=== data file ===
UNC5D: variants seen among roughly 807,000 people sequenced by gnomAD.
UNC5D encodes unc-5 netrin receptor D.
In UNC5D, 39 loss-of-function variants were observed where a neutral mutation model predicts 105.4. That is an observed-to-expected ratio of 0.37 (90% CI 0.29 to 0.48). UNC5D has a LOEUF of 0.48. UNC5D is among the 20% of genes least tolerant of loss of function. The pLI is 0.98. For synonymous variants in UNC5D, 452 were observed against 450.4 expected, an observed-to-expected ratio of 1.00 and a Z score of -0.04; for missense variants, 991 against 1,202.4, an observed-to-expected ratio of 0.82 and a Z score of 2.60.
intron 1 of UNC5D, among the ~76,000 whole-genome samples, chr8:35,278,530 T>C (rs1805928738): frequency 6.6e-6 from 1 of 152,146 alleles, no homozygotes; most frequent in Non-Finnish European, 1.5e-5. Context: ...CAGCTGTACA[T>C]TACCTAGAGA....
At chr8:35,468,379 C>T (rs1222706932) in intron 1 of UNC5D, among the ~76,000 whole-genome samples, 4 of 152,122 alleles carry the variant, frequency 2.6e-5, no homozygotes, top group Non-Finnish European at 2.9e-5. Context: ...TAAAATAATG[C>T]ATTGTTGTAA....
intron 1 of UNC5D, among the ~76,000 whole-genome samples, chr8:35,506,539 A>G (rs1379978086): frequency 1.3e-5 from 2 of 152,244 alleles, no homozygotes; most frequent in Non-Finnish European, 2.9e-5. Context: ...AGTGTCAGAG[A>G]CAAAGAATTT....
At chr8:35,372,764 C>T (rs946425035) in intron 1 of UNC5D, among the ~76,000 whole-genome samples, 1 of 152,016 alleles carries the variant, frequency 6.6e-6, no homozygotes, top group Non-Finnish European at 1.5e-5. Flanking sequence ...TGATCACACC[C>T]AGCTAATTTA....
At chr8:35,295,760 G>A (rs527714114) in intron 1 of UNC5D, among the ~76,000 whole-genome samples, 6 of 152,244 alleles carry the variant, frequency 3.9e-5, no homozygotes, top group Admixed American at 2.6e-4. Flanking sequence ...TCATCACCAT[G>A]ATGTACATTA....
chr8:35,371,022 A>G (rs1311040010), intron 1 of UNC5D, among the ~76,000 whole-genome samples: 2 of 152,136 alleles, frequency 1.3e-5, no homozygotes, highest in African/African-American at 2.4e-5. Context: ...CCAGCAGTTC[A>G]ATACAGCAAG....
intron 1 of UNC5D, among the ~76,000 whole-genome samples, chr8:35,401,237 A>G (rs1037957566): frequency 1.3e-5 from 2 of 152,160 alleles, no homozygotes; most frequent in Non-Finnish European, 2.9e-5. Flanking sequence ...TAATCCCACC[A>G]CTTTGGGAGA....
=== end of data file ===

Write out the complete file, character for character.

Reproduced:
UNC5D: variants seen among roughly 807,000 people sequenced by gnomAD.
UNC5D encodes unc-5 netrin receptor D.
In UNC5D, 39 loss-of-function variants were observed where a neutral mutation model predicts 105.4. That is an observed-to-expected ratio of 0.37 (90% CI 0.29 to 0.48). UNC5D has a LOEUF of 0.48. UNC5D is among the 20% of genes least tolerant of loss of function. The pLI is 0.98. For synonymous variants in UNC5D, 452 were observed against 450.4 expected, an observed-to-expected ratio of 1.00 and a Z score of -0.04; for missense variants, 991 against 1,202.4, an observed-to-expected ratio of 0.82 and a Z score of 2.60.
intron 1 of UNC5D, among the ~76,000 whole-genome samples, chr8:35,278,530 T>C (rs1805928738): frequency 6.6e-6 from 1 of 152,146 alleles, no homozygotes; most frequent in Non-Finnish European, 1.5e-5. Context: ...CAGCTGTACA[T>C]TACCTAGAGA....
At chr8:35,468,379 C>T (rs1222706932) in intron 1 of UNC5D, among the ~76,000 whole-genome samples, 4 of 152,122 alleles carry the variant, frequency 2.6e-5, no homozygotes, top group Non-Finnish European at 2.9e-5. Context: ...TAAAATAATG[C>T]ATTGTTGTAA....
intron 1 of UNC5D, among the ~76,000 whole-genome samples, chr8:35,506,539 A>G (rs1379978086): frequency 1.3e-5 from 2 of 152,244 alleles, no homozygotes; most frequent in Non-Finnish European, 2.9e-5. Context: ...AGTGTCAGAG[A>G]CAAAGAATTT....
At chr8:35,372,764 C>T (rs946425035) in intron 1 of UNC5D, among the ~76,000 whole-genome samples, 1 of 152,016 alleles carries the variant, frequency 6.6e-6, no homozygotes, top group Non-Finnish European at 1.5e-5. Flanking sequence ...TGATCACACC[C>T]AGCTAATTTA....
At chr8:35,295,760 G>A (rs527714114) in intron 1 of UNC5D, among the ~76,000 whole-genome samples, 6 of 152,244 alleles carry the variant, frequency 3.9e-5, no homozygotes, top group Admixed American at 2.6e-4. Flanking sequence ...TCATCACCAT[G>A]ATGTACATTA....
chr8:35,371,022 A>G (rs1311040010), intron 1 of UNC5D, among the ~76,000 whole-genome samples: 2 of 152,136 alleles, frequency 1.3e-5, no homozygotes, highest in African/African-American at 2.4e-5. Context: ...CCAGCAGTTC[A>G]ATACAGCAAG....
intron 1 of UNC5D, among the ~76,000 whole-genome samples, chr8:35,401,237 A>G (rs1037957566): frequency 1.3e-5 from 2 of 152,160 alleles, no homozygotes; most frequent in Non-Finnish European, 2.9e-5. Flanking sequence ...TAATCCCACC[A>G]CTTTGGGAGA....